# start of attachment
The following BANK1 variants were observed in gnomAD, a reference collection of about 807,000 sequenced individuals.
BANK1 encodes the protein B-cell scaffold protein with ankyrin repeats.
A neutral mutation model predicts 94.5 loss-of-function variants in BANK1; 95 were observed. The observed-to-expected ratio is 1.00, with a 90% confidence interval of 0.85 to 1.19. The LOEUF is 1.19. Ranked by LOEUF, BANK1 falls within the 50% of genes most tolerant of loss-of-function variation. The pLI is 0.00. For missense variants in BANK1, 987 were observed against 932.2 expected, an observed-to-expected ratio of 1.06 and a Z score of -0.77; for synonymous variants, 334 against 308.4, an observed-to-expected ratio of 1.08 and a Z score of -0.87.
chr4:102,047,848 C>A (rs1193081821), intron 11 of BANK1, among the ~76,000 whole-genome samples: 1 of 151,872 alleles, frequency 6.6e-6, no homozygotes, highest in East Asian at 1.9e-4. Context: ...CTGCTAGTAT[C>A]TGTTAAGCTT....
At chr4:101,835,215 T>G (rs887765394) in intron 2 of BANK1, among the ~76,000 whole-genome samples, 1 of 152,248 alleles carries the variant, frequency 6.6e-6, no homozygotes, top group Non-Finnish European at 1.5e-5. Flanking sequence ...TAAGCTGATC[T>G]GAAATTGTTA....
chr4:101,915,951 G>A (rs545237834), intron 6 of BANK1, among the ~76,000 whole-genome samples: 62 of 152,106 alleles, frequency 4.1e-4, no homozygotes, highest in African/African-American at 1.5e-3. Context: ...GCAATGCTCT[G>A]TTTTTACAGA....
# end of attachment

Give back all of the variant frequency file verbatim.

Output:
The following BANK1 variants were observed in gnomAD, a reference collection of about 807,000 sequenced individuals.
BANK1 encodes the protein B-cell scaffold protein with ankyrin repeats.
A neutral mutation model predicts 94.5 loss-of-function variants in BANK1; 95 were observed. The observed-to-expected ratio is 1.00, with a 90% confidence interval of 0.85 to 1.19. The LOEUF is 1.19. Ranked by LOEUF, BANK1 falls within the 50% of genes most tolerant of loss-of-function variation. The pLI is 0.00. For missense variants in BANK1, 987 were observed against 932.2 expected, an observed-to-expected ratio of 1.06 and a Z score of -0.77; for synonymous variants, 334 against 308.4, an observed-to-expected ratio of 1.08 and a Z score of -0.87.
chr4:102,047,848 C>A (rs1193081821), intron 11 of BANK1, among the ~76,000 whole-genome samples: 1 of 151,872 alleles, frequency 6.6e-6, no homozygotes, highest in East Asian at 1.9e-4. Context: ...CTGCTAGTAT[C>A]TGTTAAGCTT....
At chr4:101,835,215 T>G (rs887765394) in intron 2 of BANK1, among the ~76,000 whole-genome samples, 1 of 152,248 alleles carries the variant, frequency 6.6e-6, no homozygotes, top group Non-Finnish European at 1.5e-5. Flanking sequence ...TAAGCTGATC[T>G]GAAATTGTTA....
chr4:101,915,951 G>A (rs545237834), intron 6 of BANK1, among the ~76,000 whole-genome samples: 62 of 152,106 alleles, frequency 4.1e-4, no homozygotes, highest in African/African-American at 1.5e-3. Context: ...GCAATGCTCT[G>A]TTTTTACAGA....